If you had grown up in the late 2000s and early 2010s, your emo teenage daydream would have come true at Stage AE this past Saturday. Mayday Parade was touring and stopped with their heartstring-pulling orchestra in Pittsburgh.
Eleven years ago, Mayday Parade had released their self-titled debut, and to musical acclaim around the pop-punk crowd. A work full of dire cries from the heart at the terrible predicament of losing someone you love. As it was patiently awaited and looked forward to coming out in 2011, this crowd at Stage AE was awaiting their pop-punk dream team. The crowd almost looked like an ocean with how much blue hair dye was in the crowd.
Just as electric as the day they wrote it, the veterans of despair and emo dressed up in suits that they wore when the album came out. They performed the album through and through the way they did over a decade ago. But even though their performance still held up, it was still lighting fast, sweet, sad, and melancholy beautiful at each step.
Piercings, tattoos, kids, and adults up off their feet throwing their fists in the air as the chorus of Stay kicks in. Derrick Sanders’s honey-sweet, sad voice pulls everyone in to hear the pain a heartbreak can do to someone.
They might not have had any big hits or critical acclaim in the past few years, but these guys through and through are a rock band. Regardless of the genre, pop-punk gets a bad rap for being whiny and dramatic, but these guys can play and make a show a party. Even if you did not know who they were while there. You could still get down with the crowd and surf the sea of blue hair and piercings till your heart gave out.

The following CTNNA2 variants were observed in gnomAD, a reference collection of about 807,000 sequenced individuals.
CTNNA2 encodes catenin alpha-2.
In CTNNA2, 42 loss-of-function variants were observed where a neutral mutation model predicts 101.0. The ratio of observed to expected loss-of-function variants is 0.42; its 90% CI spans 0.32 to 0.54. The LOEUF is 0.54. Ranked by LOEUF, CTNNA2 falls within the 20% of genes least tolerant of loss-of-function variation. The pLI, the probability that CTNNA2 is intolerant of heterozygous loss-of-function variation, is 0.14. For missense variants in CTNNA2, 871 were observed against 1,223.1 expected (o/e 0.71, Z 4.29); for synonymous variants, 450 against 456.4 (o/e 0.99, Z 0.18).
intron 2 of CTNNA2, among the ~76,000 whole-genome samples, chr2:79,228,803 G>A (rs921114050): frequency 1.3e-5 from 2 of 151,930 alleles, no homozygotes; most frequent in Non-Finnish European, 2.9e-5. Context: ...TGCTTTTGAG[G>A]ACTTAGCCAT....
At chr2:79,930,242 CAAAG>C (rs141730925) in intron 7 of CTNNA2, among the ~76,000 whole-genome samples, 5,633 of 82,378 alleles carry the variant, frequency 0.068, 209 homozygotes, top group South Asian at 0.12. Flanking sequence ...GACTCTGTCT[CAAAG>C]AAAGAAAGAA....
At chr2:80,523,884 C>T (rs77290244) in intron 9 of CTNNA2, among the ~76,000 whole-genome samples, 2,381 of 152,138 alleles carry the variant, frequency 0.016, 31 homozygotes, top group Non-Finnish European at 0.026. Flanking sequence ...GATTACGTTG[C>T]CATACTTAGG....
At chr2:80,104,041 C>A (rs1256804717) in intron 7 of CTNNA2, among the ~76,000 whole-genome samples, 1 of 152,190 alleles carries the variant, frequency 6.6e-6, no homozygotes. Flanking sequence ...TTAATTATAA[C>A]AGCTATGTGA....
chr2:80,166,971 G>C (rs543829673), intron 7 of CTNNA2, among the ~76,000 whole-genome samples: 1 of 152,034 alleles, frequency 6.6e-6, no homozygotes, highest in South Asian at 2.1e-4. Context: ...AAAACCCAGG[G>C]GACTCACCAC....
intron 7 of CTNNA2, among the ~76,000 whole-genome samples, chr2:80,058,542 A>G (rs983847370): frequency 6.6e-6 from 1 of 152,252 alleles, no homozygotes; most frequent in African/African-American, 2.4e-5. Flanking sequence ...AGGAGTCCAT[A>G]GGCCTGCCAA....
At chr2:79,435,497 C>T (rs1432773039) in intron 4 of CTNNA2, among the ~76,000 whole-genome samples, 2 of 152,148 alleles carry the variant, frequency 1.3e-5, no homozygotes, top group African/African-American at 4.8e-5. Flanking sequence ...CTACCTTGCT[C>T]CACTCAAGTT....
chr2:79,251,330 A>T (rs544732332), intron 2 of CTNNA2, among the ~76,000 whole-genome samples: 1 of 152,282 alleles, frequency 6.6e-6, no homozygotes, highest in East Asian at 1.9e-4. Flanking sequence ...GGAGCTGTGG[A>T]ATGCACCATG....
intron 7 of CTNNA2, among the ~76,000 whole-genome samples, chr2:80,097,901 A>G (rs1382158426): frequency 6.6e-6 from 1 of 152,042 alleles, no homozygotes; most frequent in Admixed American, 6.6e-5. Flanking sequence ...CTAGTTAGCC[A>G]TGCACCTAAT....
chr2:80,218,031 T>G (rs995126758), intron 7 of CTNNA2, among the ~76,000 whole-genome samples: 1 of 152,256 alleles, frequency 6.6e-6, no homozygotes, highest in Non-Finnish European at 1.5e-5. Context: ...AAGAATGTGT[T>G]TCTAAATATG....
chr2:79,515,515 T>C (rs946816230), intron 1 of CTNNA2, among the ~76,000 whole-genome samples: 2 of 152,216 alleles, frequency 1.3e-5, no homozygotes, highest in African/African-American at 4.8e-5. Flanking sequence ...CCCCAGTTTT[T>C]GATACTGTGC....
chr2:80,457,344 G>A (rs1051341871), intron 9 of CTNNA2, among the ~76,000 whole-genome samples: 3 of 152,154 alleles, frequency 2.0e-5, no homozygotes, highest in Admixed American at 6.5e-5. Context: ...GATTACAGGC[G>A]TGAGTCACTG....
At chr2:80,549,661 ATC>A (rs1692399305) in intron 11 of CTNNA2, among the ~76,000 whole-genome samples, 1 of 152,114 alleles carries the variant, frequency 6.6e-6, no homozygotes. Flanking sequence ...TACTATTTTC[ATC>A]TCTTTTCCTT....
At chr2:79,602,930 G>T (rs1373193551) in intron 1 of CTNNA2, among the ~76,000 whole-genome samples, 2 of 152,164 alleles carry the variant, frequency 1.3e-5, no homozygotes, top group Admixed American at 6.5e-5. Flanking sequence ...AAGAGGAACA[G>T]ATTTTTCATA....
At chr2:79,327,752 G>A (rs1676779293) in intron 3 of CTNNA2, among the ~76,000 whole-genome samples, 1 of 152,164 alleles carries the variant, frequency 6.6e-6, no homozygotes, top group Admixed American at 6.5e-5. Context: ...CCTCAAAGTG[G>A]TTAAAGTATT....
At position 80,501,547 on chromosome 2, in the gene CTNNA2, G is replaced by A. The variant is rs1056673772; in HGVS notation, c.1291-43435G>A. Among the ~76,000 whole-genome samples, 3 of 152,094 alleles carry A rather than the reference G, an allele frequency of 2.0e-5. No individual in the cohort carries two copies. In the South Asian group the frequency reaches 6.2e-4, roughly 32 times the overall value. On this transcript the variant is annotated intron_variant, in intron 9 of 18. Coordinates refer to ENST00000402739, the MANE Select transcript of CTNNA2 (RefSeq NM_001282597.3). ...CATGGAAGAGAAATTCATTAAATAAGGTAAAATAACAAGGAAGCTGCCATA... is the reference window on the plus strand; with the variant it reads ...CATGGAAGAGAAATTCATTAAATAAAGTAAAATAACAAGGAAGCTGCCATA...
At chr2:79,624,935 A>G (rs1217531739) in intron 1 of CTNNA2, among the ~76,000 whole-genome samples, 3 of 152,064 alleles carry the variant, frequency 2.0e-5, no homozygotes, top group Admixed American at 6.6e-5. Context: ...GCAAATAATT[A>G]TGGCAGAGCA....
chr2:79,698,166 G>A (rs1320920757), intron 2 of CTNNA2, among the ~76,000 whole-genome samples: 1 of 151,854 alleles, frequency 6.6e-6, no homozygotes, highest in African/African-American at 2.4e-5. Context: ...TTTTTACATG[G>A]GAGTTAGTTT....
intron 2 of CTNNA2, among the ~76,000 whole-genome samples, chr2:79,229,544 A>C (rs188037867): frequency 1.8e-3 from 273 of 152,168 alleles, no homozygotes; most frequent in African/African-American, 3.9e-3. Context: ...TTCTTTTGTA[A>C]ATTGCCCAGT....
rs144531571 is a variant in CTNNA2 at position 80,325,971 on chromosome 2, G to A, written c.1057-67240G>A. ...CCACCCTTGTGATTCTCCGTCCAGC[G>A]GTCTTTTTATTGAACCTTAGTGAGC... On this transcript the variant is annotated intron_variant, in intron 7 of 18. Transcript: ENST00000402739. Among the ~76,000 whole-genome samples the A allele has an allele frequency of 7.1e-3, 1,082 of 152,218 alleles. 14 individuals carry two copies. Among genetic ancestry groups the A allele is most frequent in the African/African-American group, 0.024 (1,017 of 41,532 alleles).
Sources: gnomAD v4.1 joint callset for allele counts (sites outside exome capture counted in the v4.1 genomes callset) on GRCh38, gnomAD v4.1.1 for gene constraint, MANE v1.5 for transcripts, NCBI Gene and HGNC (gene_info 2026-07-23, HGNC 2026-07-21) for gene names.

Not only was the headliner Mayday Parade kicking it into high gear, but so were the opening acts. Magnolia Park, a newer pop-punk band, signed to Epitaph records were the first to play, and they set the stage for the rest of the show. Their lead singer and drummer made the crowd get up off their feet, keeping things in motion. They are playing some favorites of theirs and some new tunes they have been working on.
After them, it was Real Friends, who are a little softer in the genre but still turned up the heat and got the crowd to sing along. With a ballad-like I’m Giving Up on You, the crowd in unison knew the words, and people turned to one another and sang right in each other’s faces. They were screaming the aches of whoever made them feel the way they do in a beautiful moment where everyone could connect.
At the same rate, a genre beloved and hated came out to the 412 for a tremendous display of showmanship and musical talent. The rejects and lovesick wannabes came together to get an ounce of catharsis out of whatever was blaring in the amplifiers—a beautiful and loud moment for anyone that showed up to Stage AE.